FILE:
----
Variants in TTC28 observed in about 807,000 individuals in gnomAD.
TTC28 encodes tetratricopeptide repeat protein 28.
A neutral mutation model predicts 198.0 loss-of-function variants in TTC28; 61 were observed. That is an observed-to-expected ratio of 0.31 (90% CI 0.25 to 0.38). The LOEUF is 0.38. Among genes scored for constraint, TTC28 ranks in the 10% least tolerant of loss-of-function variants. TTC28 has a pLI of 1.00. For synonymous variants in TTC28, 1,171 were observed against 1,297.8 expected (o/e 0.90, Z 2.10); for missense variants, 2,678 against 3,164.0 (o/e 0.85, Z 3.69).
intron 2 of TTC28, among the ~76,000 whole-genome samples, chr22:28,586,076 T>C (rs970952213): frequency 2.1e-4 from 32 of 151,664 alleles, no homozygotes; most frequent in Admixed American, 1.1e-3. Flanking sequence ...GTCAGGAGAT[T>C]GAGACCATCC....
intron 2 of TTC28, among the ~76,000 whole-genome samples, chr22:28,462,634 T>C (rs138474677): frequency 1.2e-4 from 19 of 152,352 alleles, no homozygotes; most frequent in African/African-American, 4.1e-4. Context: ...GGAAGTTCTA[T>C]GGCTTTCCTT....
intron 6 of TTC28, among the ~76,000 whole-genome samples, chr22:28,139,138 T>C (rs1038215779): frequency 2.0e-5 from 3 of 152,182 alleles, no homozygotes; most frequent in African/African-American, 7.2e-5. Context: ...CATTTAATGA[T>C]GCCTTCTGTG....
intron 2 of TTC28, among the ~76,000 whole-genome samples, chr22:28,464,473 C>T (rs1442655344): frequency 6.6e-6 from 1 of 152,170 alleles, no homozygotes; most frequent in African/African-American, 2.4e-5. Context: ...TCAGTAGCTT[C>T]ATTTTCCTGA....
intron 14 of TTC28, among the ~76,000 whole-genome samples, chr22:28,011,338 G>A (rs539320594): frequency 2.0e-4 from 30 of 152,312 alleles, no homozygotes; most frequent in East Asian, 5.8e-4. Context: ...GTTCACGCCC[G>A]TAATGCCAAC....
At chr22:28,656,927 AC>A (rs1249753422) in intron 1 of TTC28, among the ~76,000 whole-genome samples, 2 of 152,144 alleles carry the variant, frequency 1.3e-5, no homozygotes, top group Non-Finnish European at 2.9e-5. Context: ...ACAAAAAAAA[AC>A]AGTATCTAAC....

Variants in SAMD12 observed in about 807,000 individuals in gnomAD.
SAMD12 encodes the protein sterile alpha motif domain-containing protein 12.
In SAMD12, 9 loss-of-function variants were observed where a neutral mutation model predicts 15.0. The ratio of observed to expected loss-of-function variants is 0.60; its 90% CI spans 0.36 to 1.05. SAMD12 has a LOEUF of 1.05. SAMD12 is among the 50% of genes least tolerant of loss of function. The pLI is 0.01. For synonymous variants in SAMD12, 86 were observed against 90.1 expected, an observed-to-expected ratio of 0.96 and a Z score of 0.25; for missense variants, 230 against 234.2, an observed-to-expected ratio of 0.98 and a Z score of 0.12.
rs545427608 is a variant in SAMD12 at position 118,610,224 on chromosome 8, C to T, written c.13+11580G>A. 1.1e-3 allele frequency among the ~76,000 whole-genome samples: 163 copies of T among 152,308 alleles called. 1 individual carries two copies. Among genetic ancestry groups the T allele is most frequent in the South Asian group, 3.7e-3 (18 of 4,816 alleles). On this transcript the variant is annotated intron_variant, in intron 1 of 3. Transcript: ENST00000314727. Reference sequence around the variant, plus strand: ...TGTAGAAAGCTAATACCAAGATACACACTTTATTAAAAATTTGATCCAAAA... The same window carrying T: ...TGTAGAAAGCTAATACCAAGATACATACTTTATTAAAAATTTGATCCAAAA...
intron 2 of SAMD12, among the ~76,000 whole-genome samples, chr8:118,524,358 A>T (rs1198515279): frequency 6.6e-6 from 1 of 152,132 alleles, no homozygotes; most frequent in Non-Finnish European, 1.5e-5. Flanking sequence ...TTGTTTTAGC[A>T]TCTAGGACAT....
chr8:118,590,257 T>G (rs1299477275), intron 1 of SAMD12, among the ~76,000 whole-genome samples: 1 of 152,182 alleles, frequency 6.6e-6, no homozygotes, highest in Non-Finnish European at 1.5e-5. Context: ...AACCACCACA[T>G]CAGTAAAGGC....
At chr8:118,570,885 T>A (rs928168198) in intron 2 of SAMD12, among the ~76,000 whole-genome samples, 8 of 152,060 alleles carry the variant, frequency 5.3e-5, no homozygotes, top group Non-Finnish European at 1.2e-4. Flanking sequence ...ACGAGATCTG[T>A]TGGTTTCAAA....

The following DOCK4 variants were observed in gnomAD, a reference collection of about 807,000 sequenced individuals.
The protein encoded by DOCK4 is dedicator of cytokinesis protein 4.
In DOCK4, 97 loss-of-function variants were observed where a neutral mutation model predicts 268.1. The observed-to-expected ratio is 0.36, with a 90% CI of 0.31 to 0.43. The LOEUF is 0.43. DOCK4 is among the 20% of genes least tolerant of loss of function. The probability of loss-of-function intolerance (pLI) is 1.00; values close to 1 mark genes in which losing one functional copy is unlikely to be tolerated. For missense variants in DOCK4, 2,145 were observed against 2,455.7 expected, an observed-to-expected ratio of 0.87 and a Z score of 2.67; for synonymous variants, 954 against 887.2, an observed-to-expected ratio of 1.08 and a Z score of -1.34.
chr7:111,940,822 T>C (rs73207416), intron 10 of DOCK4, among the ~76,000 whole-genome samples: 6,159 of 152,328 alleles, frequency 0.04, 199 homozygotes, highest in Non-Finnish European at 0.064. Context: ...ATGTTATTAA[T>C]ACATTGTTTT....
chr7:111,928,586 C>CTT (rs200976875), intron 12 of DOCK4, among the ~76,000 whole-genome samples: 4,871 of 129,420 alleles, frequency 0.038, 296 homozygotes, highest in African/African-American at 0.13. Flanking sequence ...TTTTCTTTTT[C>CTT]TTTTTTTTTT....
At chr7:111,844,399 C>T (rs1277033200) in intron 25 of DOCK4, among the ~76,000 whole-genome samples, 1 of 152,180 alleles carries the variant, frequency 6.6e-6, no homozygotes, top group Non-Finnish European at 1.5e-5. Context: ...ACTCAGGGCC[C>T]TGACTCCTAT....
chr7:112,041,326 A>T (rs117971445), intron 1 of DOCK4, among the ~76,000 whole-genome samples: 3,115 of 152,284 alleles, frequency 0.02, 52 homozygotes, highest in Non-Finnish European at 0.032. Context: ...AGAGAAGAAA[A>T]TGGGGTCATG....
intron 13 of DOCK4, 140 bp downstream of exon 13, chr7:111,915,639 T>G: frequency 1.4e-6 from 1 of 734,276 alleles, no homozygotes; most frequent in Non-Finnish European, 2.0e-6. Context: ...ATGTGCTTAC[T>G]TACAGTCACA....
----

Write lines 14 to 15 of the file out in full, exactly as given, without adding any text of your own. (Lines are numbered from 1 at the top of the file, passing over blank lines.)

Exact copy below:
intron 2 of SAMD12, among the ~76,000 whole-genome samples, chr8:118,524,358 A>T (rs1198515279): frequency 6.6e-6 from 1 of 152,132 alleles, no homozygotes; most frequent in Non-Finnish European, 1.5e-5. Flanking sequence ...TTGTTTTAGC[A>T]TCTAGGACAT....
chr8:118,590,257 T>G (rs1299477275), intron 1 of SAMD12, among the ~76,000 whole-genome samples: 1 of 152,182 alleles, frequency 6.6e-6, no homozygotes, highest in Non-Finnish European at 1.5e-5. Context: ...AACCACCACA[T>G]CAGTAAAGGC....